How Can I Keep from Singing?

I have music in my soul.

Despite this, I go long, intense bouts without so much as a note.

I’ll not play anything, or even sing in the shower, for months. Then some unexpected day I’ll be filled with uncontrollable urges, spreading song into every inch of my daily routine.

It’s a wonderful reconciliation, and today was one of those days. That time in my musical cycle I guess.

And when in doubt, I Vivaldi.

His Violin Concerto in A Minor is one of my all-time favourite pieces [though for the record, this linked Perlman recording takes the gloriously schmaltzy 3 movement (starting at 6:00) far too fast for my liking].

I love it not because it is amazing to hear, but because it is truly wonderful to play, even if I do so badly.

And I do so. Very badly.

Today it put me in mind of the first time I felt this sudden, inexplicable urge to revisit my old friend, Music.

Then, as now, I tried to capture the mood of rekindling such a love, and of feeling inadequate to give voice to such beauty.  Forgive the clunking prose, I share it for its sentimental value more than its sense.


11 June 2006


vie melodien

in the dappled sunlight i was moved to music this afternoon, and picked up my violin.

an instrument (and object) with which i have had one of the most tumultuous relationships of my entire life, leading to our five year estrangement. a separation i felt compelled to reconcile these last few weeks.

as i opened the ridiculous case, still tattered from tiny locker jams, the complete familiarity and yet entire foreignness of it was overwhelming. it was all there – the massive sponge stain, the fancy import rosin that’d been a christmas gift, the spare Dominant strings in their hideously retro packaging, the suzuki books covered with garish stickers.

i won’t pretend i was ever a prodigy. by the beginning of high school i’d given up practicing all together and within two years was relegated to the back of the orchestra with the stoners and dropouts (where a whole different piece of my education began). but even in the later years, in fleeting moments, it was perfect.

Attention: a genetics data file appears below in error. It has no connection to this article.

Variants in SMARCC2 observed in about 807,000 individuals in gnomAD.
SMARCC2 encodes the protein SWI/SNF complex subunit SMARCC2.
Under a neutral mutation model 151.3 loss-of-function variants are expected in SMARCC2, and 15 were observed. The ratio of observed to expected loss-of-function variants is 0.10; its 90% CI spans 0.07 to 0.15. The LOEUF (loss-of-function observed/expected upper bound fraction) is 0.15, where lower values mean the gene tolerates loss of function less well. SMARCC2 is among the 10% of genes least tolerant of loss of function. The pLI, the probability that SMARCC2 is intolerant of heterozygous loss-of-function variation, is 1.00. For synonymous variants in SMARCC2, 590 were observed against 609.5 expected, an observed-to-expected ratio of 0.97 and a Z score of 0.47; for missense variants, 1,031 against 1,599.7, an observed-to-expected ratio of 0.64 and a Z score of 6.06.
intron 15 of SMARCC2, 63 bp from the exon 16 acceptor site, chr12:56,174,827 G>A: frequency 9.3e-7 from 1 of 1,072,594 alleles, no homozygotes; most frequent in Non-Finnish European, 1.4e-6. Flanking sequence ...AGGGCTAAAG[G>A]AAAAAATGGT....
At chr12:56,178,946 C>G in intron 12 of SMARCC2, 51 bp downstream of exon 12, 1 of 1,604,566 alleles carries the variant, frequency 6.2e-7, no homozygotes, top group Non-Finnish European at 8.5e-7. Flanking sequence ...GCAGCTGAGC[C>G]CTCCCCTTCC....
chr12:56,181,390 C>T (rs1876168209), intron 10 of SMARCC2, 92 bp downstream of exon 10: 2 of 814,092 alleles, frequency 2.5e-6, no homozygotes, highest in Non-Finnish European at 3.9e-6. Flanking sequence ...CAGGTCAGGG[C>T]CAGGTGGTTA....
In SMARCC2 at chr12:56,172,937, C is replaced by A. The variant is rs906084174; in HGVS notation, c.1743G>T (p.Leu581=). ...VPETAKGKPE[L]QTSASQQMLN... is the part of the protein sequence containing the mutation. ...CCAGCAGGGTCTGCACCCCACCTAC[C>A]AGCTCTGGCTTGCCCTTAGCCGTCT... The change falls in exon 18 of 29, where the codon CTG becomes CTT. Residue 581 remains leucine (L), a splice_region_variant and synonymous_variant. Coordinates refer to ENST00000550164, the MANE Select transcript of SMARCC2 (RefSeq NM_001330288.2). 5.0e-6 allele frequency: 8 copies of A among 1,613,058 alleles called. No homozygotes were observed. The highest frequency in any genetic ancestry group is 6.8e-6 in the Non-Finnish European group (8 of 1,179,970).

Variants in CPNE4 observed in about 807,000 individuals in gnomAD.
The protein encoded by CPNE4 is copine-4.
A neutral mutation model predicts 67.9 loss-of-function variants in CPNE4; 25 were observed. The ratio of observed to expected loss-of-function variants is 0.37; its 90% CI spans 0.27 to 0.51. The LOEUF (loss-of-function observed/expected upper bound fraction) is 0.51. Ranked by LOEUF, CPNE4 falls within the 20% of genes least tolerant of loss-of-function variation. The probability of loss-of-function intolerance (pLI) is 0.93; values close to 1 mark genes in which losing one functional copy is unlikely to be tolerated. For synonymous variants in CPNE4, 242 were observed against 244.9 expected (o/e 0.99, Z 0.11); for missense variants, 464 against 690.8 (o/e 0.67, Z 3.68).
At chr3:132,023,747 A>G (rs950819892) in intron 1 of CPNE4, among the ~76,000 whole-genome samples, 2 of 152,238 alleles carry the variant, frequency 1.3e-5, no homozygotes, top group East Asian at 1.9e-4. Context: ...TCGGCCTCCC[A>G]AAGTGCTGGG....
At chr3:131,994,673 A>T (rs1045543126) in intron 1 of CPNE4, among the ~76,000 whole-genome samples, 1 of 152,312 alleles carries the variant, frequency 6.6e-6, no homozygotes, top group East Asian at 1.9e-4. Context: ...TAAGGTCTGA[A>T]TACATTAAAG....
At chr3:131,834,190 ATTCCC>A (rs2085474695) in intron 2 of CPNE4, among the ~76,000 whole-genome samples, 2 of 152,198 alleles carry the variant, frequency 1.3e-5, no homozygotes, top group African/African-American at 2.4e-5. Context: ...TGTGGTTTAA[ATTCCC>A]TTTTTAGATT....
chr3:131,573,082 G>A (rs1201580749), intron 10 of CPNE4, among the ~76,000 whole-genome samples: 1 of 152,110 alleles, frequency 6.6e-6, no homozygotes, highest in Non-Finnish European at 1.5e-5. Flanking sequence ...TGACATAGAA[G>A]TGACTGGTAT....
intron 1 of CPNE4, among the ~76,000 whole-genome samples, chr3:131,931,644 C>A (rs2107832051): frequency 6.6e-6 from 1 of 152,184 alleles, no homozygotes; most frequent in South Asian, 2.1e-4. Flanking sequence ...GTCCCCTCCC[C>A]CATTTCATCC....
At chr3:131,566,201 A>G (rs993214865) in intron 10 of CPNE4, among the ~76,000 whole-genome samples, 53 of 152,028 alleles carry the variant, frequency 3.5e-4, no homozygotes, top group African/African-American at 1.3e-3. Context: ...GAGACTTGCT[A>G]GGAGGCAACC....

the right tune, the right note even, and i could just soar. it was a voice opening in me. an unanswered truth.

sometimes, just for a minute, when playing something breathtaking, i felt whole.

and perhaps it was the fleetness of these moments that pushed me away. my lessons were chunks of prescribed classics chosen for their modal shifts. our orchestral pieces were heavy on cello melody because everyone knew they were the only halfway decent section, and most pieces were 40 minutes too long for anyone with ears anyway.

and i was uninspired. the one thing it promised seemed to be forever beyond my ability and not even a concern for my teachers.

so i left it. a nostalgic relic, a closed possibility. a dream.

and as i lifted it to my shoulder today, i thought perhaps i should have left it there. to rot in my parents closet.

i am absolutely rubbish. clunky. out of tune. slow. airy. childish.

the hickey on my neck of which i was so secretly proud is long gone, the grooves in my bowfingers filled back in.

we no longer fit, my violin and i.

we are like reunited lovers, trying to find where we were. how we were. limbs akimbo. bodies out of joint.

and of course we can’t. i am not the same size or shape or player i once was. we’ll have to begin again, finding our voice, seeking the sweet spots. retuning ourselves.

it hurts a little. the songs i scrape through now are dated in mr. dewey’s sharp masculine scrawl ’02/25/94′. i can hear the strength behind notes that come out as whispers. makes me wince.

but oh, the promise of that power. that expression is what brought me back. that it’s still there, this voiceless singing and challenging flight. the possibility of momentary transcendence.

if i am patient, we can, once again make music.


May your day be full of music, dear reader, and the will to play your heart out – even when it sounds terrible.


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